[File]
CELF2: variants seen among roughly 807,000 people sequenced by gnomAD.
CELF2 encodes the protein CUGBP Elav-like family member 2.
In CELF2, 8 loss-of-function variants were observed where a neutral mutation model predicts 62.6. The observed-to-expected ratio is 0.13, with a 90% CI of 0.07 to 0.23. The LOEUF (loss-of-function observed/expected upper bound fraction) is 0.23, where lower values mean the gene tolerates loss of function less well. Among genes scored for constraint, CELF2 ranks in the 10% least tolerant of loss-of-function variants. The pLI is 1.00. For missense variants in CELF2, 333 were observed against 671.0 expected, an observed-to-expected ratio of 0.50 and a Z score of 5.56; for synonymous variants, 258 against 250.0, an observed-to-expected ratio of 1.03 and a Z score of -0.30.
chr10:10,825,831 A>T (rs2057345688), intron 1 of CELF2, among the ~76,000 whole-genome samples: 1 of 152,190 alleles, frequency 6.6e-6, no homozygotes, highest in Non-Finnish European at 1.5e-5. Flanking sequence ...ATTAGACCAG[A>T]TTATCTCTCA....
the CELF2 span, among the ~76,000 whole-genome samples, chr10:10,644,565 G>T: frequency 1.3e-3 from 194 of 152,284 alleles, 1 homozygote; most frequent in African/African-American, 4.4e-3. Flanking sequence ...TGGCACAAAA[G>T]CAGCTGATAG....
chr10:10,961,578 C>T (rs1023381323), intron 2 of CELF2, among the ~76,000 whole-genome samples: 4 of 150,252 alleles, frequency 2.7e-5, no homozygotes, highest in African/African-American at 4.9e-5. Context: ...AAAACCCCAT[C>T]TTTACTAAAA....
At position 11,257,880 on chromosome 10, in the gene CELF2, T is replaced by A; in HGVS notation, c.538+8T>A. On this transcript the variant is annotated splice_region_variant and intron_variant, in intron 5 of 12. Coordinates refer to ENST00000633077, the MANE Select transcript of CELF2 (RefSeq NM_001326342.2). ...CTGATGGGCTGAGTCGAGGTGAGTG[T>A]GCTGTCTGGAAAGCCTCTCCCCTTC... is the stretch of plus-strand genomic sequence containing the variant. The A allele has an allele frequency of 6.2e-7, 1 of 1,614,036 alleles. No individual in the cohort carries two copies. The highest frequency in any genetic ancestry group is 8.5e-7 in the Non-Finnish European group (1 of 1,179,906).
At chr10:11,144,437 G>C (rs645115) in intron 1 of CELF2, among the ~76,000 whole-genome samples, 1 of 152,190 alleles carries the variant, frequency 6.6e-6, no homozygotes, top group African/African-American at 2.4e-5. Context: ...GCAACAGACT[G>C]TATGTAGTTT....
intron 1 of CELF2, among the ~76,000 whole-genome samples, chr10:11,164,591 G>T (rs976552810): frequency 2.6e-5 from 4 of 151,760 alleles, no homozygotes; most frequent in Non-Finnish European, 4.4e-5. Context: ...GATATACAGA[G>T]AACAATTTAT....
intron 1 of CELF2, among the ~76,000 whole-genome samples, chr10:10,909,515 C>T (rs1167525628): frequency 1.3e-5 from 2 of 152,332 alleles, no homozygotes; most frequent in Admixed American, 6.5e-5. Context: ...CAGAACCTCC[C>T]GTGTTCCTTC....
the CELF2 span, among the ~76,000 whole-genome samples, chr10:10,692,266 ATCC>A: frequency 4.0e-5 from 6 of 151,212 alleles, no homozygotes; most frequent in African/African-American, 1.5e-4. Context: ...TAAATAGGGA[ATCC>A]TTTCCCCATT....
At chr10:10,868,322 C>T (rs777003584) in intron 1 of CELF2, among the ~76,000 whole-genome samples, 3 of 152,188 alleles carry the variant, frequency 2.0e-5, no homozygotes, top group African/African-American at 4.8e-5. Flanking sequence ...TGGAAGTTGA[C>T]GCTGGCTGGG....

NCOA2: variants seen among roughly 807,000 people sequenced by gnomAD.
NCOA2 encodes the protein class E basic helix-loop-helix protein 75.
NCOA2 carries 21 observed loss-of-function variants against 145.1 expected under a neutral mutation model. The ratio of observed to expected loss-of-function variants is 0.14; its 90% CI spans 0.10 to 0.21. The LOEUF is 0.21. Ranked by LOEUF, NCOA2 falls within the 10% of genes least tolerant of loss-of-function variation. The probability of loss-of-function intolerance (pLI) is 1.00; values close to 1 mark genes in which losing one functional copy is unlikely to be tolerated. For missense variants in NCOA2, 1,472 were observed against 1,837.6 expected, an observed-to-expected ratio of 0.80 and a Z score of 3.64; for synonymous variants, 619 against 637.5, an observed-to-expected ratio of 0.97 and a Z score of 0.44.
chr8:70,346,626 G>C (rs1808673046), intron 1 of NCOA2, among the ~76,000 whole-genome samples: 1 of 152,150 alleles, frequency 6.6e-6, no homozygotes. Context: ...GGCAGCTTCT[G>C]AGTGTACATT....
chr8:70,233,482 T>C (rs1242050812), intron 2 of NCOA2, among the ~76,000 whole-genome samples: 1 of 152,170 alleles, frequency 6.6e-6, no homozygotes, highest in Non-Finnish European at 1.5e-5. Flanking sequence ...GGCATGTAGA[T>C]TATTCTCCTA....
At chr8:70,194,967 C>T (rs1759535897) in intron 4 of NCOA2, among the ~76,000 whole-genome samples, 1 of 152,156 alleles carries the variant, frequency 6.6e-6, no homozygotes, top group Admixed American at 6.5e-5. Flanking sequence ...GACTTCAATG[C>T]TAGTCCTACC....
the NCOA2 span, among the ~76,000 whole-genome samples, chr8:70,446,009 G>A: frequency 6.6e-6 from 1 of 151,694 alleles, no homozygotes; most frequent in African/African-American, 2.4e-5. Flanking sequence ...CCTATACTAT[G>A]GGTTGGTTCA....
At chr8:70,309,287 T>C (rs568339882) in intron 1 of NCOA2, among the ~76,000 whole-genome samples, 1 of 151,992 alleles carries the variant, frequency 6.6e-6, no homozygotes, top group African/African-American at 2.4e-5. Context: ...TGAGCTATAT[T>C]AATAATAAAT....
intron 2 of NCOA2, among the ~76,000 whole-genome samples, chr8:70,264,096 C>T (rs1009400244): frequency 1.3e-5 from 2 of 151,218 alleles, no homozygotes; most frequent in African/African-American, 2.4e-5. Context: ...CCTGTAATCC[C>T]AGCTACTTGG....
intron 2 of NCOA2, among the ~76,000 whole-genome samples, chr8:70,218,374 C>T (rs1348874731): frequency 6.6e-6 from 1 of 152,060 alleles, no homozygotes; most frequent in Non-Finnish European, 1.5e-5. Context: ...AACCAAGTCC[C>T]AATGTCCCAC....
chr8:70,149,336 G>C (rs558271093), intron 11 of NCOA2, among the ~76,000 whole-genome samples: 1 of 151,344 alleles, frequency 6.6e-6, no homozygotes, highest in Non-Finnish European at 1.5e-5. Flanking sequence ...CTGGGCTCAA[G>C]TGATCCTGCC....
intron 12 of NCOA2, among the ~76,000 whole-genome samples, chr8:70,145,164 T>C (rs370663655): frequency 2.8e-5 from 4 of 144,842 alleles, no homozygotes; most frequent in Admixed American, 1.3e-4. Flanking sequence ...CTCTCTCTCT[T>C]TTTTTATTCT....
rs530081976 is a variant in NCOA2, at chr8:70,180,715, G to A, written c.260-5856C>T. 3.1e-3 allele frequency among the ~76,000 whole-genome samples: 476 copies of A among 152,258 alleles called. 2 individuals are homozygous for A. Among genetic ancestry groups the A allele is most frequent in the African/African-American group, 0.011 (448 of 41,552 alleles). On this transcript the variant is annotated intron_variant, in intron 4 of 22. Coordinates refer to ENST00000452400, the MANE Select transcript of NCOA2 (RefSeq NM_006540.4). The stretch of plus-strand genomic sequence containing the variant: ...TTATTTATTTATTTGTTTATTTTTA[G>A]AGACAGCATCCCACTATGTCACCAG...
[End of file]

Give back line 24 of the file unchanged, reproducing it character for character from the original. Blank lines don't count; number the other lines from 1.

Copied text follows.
intron 12 of NCOA2, among the ~76,000 whole-genome samples, chr8:70,145,164 T>C (rs370663655): frequency 2.8e-5 from 4 of 144,842 alleles, no homozygotes; most frequent in Admixed American, 1.3e-4. Flanking sequence ...CTCTCTCTCT[T>C]TTTTTATTCT....